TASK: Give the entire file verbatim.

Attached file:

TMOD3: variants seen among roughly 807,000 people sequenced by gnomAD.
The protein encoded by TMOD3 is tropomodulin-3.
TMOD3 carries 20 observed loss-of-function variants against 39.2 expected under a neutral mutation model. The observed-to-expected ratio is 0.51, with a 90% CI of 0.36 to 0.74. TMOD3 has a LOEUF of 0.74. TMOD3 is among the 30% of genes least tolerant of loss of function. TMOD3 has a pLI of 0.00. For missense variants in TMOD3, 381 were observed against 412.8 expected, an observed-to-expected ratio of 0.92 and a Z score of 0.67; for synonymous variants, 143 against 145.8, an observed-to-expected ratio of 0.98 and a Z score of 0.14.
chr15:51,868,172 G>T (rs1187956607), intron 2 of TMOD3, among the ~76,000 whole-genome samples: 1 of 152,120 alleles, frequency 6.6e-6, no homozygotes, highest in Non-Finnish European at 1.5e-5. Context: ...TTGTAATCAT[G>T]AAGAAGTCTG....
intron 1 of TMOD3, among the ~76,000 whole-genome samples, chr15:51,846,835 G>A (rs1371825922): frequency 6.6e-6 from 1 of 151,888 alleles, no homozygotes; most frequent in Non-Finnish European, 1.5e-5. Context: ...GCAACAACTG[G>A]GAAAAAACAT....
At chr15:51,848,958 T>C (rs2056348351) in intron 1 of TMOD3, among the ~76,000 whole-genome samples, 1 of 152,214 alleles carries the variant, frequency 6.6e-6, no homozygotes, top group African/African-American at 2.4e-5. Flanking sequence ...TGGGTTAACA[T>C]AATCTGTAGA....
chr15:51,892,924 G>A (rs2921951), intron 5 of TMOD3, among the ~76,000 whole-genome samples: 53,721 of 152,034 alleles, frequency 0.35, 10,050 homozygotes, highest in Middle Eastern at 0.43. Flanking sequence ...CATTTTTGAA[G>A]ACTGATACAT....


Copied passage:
TMOD3: variants seen among roughly 807,000 people sequenced by gnomAD.
The protein encoded by TMOD3 is tropomodulin-3.
TMOD3 carries 20 observed loss-of-function variants against 39.2 expected under a neutral mutation model. The observed-to-expected ratio is 0.51, with a 90% CI of 0.36 to 0.74. TMOD3 has a LOEUF of 0.74. TMOD3 is among the 30% of genes least tolerant of loss of function. TMOD3 has a pLI of 0.00. For missense variants in TMOD3, 381 were observed against 412.8 expected, an observed-to-expected ratio of 0.92 and a Z score of 0.67; for synonymous variants, 143 against 145.8, an observed-to-expected ratio of 0.98 and a Z score of 0.14.
chr15:51,868,172 G>T (rs1187956607), intron 2 of TMOD3, among the ~76,000 whole-genome samples: 1 of 152,120 alleles, frequency 6.6e-6, no homozygotes, highest in Non-Finnish European at 1.5e-5. Context: ...TTGTAATCAT[G>T]AAGAAGTCTG....
intron 1 of TMOD3, among the ~76,000 whole-genome samples, chr15:51,846,835 G>A (rs1371825922): frequency 6.6e-6 from 1 of 151,888 alleles, no homozygotes; most frequent in Non-Finnish European, 1.5e-5. Context: ...GCAACAACTG[G>A]GAAAAAACAT....
At chr15:51,848,958 T>C (rs2056348351) in intron 1 of TMOD3, among the ~76,000 whole-genome samples, 1 of 152,214 alleles carries the variant, frequency 6.6e-6, no homozygotes, top group African/African-American at 2.4e-5. Flanking sequence ...TGGGTTAACA[T>C]AATCTGTAGA....
chr15:51,892,924 G>A (rs2921951), intron 5 of TMOD3, among the ~76,000 whole-genome samples: 53,721 of 152,034 alleles, frequency 0.35, 10,050 homozygotes, highest in Middle Eastern at 0.43. Flanking sequence ...CATTTTTGAA[G>A]ACTGATACAT....